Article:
As a reminder, maggots feed of a flesh, while fire salamander consumes his prey alive, without killing it. Can it happen that the maggot will start eating the salamander from the inside?

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    $\begingroup$ I'm voting to close this question because it is off-topic for Biology, and instead should be posted at Pets. $\endgroup$ – MattDMo Jul 12 '16 at 23:39
  • $\begingroup$ Maggots typically eat dead/rotting flesh, not live. Maggot therapy is used in clinical settings in the US and around the world for debridement of necrotic wounds. $\endgroup$ – MattDMo Jul 12 '16 at 23:43
  • $\begingroup$ @MATTDMo reluctantly I can see your point. I feel it could be edited into a more general question about ingesting live larvae that would be on-topic for Biology though - OP, would you have any objection to that? $\endgroup$ – arboviral Jul 15 '16 at 8:07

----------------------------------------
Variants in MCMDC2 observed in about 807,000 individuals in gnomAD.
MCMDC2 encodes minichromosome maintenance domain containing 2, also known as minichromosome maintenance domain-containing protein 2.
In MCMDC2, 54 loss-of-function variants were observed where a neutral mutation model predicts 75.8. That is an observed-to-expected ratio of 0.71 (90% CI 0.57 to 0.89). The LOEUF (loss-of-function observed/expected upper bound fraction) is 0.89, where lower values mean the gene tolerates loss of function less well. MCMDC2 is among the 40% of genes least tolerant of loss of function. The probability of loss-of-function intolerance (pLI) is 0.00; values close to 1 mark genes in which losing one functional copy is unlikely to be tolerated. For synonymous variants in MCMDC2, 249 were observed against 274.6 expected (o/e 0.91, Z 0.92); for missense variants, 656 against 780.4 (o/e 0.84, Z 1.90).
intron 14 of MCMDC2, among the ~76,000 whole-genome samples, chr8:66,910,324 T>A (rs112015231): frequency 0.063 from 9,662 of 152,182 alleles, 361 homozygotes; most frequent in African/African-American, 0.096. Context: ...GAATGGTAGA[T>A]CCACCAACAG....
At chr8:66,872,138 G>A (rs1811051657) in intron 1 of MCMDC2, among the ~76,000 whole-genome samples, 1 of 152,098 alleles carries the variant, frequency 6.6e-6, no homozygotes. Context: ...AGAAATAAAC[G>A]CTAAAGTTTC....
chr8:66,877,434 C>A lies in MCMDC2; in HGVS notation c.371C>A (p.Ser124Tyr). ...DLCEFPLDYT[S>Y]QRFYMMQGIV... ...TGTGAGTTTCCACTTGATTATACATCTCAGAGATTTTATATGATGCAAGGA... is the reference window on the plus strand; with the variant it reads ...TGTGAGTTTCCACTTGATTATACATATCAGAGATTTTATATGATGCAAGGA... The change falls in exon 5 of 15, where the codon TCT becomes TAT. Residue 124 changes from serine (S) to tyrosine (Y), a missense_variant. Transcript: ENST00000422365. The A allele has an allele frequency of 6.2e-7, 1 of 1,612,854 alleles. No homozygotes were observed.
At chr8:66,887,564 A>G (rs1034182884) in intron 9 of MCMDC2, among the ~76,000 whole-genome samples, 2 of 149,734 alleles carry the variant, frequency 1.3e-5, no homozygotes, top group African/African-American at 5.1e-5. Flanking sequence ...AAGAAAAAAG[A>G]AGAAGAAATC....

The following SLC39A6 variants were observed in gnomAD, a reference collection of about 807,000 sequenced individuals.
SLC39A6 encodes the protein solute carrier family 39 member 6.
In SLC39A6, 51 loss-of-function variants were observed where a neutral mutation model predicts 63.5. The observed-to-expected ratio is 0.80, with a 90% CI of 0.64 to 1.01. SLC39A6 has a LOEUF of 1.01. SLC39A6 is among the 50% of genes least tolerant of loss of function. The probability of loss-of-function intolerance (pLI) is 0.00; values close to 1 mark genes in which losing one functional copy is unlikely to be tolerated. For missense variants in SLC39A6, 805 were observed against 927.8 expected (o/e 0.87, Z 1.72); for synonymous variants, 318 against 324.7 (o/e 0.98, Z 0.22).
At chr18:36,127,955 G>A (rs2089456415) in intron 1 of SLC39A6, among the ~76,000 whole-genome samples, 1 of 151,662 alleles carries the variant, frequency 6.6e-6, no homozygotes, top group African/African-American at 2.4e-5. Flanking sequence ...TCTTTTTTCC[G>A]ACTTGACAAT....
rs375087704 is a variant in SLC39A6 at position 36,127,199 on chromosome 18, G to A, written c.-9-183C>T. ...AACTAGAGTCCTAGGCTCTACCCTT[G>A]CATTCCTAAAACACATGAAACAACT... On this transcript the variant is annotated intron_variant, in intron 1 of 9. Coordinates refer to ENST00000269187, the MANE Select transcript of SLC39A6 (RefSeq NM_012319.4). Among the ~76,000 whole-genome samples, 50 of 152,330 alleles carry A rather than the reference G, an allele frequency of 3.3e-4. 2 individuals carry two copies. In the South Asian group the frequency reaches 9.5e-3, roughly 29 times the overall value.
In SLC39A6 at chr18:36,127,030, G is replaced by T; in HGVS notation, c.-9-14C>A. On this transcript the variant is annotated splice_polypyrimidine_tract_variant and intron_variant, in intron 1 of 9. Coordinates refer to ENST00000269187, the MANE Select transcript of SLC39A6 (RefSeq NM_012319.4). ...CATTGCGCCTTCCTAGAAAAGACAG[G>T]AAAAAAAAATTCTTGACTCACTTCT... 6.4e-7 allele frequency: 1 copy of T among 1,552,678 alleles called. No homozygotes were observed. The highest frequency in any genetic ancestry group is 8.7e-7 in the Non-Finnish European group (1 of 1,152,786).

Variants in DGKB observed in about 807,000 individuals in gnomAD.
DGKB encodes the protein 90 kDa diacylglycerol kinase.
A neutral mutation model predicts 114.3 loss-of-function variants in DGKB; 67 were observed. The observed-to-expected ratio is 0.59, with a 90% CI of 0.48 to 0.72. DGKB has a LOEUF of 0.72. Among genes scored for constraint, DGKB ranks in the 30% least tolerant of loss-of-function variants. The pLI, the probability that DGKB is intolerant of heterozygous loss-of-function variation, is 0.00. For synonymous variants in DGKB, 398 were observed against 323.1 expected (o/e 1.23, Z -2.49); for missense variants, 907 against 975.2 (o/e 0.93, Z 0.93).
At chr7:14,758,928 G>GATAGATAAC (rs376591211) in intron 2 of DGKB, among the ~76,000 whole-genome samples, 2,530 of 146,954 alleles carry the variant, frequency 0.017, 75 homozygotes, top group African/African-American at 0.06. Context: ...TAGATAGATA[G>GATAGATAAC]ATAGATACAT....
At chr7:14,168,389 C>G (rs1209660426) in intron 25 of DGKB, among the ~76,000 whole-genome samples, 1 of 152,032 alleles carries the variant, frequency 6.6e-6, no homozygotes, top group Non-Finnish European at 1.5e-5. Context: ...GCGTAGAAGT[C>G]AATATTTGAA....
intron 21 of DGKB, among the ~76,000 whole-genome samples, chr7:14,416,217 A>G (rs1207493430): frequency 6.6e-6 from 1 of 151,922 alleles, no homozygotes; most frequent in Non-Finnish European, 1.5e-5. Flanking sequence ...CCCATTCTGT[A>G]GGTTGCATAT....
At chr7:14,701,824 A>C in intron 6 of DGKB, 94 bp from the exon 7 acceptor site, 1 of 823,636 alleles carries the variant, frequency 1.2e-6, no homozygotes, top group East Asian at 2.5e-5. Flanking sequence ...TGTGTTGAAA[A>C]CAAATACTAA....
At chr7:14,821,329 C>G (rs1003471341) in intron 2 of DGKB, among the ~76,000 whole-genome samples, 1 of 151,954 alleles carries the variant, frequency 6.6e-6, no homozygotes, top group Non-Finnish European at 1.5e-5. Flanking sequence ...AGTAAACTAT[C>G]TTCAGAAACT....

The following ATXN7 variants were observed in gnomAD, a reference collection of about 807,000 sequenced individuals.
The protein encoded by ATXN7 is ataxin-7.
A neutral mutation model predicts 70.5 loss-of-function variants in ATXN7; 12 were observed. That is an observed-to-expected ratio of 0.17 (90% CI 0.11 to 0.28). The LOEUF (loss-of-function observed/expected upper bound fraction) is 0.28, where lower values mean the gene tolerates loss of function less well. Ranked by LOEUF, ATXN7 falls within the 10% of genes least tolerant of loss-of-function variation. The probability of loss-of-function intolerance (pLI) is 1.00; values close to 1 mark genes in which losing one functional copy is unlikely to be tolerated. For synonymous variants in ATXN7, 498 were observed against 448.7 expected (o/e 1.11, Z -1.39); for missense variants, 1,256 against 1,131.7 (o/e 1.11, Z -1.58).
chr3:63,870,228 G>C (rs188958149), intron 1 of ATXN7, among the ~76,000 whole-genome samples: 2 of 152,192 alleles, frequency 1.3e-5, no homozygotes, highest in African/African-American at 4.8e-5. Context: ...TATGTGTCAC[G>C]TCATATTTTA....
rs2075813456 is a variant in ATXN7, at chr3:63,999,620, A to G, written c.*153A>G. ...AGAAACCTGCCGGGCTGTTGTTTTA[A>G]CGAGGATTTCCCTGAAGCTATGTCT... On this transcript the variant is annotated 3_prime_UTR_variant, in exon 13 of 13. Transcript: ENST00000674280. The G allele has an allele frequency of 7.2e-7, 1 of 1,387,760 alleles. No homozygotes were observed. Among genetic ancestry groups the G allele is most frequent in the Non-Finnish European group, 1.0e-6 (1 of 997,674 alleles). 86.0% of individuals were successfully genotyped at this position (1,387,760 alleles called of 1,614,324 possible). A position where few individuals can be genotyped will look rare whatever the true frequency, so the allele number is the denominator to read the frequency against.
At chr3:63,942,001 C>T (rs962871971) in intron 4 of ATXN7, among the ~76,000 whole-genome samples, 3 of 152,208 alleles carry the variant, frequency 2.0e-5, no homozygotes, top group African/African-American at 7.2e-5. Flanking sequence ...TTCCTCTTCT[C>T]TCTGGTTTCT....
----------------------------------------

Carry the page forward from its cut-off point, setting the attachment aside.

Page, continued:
• $\begingroup$ @arboviral no objections, since i've got my answer. $\endgroup$ – Tegra Morgan Jul 16 '16 at 15:49

Although I am afraid I don't know much about fire salamanders specifically, it is certainly possible for ingested fly larvae (or larvae hatching from ingested eggs) to survive ingestion and subsequently cause intestinal damage. Parasitic infestation by fly larvae that grow inside the host while feeding on its tissue is called myiasis. Enteric myiasis (also called gastric, rectal, or intestinal myiasis to indicate the affected part of the digestive system) occurs occasionally in humans following the ingestion of cheese infested with cheese fly maggots. Casu marzu, a traditionally produced Sardinian cheese, is supposed to have live cheese fly maggots in it, and cases of bloody diarrhoea following its consumption are known. If they're dead the cheese is considered unsafe to eat (although personally I'd correct that to 'more unsafe').


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